That may be. Yet for all this protest and noise, it is im­por­tant to re­mem­ber some­thing. The other side of that Con­sumer Reports sur­vey, which re­ported that about 57% of the na­tion sup­ports the cur­rent net neu­tral­ity reg­u­la­tions, also means that over 40% of the na­tion ei­ther feels it is a good idea to get rid of net neu­tral­ity or pos­si­bly just does not care. That 40% is a more-than-big-enough num­ber to turn the tide against net neu­tral­ity – and likely for­ever.

Part of the rea­son for this is that within that 40% are those who would ben­e­fit the most by get­ting rid of net neu­tral­ity. Th­ese in­clude peo­ple be­hind com­pa­nies like AT&T, Com­cast and Ver­i­zon, who col­lec­tively have spent $11 mil­lion lob­by­ing for their cause in Con­gress just in the first quar­ter of 2017 alone. There are many oth­ers like them out there who will con­tinue the fight for what they see as their “rights” in this sit­u­a­tion.

A sur­pris­ingly large num­ber of Amer­i­cans are fright­ened by the rapid pace of so­cial and tech­no­log­i­cal change and want author­ity fig­ures to tell them what to think and how to feel. Oth­ers feel that the In­ter­net is pri­mar­ily a sewer that pipes vile things into their home to cor­rupt their chil­dren.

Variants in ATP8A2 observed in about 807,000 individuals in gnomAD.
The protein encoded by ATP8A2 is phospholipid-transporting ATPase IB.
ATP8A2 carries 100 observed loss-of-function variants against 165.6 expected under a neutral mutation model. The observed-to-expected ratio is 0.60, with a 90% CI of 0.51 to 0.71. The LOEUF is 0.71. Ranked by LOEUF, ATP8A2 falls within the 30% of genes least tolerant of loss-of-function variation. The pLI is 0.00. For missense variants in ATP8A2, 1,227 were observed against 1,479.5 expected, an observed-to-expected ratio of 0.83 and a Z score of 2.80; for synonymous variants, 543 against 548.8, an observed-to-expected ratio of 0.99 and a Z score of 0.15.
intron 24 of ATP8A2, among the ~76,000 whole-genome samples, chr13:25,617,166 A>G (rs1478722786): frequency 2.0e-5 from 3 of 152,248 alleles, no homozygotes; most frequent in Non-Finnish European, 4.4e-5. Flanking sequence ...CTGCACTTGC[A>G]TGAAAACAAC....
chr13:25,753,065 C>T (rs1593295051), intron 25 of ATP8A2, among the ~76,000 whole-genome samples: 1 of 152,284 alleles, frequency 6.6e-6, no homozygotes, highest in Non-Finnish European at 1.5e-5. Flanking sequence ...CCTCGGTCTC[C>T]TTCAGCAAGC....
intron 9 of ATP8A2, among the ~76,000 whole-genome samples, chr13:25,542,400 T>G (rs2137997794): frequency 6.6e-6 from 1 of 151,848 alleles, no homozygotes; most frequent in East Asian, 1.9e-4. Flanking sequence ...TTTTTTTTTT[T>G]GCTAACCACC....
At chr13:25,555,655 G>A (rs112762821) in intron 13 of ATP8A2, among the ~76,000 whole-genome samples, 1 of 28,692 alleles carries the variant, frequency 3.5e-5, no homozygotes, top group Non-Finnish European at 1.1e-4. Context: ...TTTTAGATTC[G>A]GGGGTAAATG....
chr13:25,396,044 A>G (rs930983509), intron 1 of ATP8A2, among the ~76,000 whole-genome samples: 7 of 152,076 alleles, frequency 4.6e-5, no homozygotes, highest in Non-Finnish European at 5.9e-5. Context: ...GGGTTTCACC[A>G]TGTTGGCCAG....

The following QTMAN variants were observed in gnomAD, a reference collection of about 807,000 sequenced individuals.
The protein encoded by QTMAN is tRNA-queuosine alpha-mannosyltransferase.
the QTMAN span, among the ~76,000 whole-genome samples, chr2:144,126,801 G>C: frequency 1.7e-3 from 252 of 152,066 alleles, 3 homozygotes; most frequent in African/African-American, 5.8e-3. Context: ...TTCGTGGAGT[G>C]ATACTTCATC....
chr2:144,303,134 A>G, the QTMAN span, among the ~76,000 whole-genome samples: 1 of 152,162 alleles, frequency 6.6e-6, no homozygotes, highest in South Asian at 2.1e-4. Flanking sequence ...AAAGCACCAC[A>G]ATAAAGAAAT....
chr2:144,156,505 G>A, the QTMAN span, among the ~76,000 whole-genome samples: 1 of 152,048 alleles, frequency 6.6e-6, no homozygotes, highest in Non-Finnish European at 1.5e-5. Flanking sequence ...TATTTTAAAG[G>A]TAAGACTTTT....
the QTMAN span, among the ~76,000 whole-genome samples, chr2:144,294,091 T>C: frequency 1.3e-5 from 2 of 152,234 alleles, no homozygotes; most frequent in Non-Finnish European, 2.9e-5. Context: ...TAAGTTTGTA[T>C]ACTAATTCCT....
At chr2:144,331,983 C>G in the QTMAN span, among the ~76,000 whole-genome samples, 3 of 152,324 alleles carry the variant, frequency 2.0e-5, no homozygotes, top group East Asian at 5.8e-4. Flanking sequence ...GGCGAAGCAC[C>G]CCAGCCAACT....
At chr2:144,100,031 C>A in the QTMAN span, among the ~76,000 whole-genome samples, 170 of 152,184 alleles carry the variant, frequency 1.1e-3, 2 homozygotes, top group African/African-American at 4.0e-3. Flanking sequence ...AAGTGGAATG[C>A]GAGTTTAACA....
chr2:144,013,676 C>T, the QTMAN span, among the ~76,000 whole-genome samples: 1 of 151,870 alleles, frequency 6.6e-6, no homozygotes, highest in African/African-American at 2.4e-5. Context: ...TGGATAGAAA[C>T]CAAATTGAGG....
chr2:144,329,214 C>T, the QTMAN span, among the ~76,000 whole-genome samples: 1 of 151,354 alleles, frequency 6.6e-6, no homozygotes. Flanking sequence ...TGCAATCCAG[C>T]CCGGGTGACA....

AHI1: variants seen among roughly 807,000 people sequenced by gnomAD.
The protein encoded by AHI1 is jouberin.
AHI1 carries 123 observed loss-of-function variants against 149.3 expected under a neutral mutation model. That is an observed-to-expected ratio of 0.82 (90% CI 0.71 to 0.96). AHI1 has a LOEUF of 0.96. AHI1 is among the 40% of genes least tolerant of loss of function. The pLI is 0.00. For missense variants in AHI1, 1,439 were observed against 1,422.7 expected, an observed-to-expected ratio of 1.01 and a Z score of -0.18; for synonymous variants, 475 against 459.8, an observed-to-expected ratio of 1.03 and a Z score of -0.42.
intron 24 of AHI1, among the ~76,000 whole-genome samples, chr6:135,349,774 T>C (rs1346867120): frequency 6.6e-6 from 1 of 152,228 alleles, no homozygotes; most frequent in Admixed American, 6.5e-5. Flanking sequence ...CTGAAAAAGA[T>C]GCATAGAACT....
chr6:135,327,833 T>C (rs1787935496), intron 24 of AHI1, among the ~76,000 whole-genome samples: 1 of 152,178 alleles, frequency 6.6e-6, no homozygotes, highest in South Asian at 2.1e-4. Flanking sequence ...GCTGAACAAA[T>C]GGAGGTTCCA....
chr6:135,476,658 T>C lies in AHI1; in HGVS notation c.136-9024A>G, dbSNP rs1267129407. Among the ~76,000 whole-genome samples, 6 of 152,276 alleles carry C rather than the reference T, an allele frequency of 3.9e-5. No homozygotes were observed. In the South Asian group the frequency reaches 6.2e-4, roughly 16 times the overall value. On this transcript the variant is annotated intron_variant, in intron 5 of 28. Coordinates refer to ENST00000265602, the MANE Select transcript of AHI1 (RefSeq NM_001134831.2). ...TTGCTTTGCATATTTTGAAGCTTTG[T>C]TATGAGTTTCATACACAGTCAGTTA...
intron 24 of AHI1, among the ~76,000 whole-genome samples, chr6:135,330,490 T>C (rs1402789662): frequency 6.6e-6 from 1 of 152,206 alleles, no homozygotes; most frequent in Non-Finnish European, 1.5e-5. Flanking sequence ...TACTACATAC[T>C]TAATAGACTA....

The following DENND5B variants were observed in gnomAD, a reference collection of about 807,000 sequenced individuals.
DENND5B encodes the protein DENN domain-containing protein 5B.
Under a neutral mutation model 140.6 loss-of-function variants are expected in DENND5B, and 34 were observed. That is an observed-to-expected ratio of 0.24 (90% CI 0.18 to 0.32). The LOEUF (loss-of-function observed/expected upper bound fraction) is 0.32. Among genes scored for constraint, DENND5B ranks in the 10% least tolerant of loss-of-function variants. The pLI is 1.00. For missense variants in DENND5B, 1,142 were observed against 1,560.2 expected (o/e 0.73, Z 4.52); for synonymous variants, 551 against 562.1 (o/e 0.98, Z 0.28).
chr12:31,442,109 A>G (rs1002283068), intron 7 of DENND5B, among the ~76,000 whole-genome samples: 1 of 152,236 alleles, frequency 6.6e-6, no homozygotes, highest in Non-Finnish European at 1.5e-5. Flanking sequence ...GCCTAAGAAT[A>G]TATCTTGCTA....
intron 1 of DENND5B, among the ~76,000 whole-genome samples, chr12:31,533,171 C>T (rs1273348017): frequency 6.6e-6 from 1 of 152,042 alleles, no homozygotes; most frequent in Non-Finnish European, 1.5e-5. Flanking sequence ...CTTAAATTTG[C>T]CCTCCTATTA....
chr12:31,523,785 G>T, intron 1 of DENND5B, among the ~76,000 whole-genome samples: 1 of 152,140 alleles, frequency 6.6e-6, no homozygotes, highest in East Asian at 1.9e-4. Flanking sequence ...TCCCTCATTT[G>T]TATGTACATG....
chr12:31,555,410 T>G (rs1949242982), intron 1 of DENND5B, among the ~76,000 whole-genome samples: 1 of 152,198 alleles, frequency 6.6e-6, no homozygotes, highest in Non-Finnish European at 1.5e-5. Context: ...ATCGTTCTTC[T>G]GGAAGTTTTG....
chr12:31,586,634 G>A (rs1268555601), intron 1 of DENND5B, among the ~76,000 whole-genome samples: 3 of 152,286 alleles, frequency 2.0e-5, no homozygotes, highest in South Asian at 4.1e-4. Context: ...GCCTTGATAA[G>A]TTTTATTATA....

The ar­gu­ments the ISPS of­fer up as to why net neu­tral­ity does not make sense are sim­i­lar to those used by other in­dus­tries to jus­tify fees.

The first thing the ISPS say is that they are the ones spend­ing the money on the in­fra­struc­ture that al­lows ser­vices like Net­flix to ex­ist in the first place. Not charg­ing Net­flix for its ac­cess rights, they say, is un­fair to them since Net­flix is – ac­cord­ing to them, at least – tak­ing a free ride by mak­ing all that money through the ISPS. Un­der net neu­tral­ity, Net­flix doesn’t have to pay any­thing for it.

The sec­ond thing the ISPS say is that un­less they can charge some­one like Net­flix, they can­not af­ford the in­vest­ments to support all the new de­mands for band­width. That is what they say in their pub­lic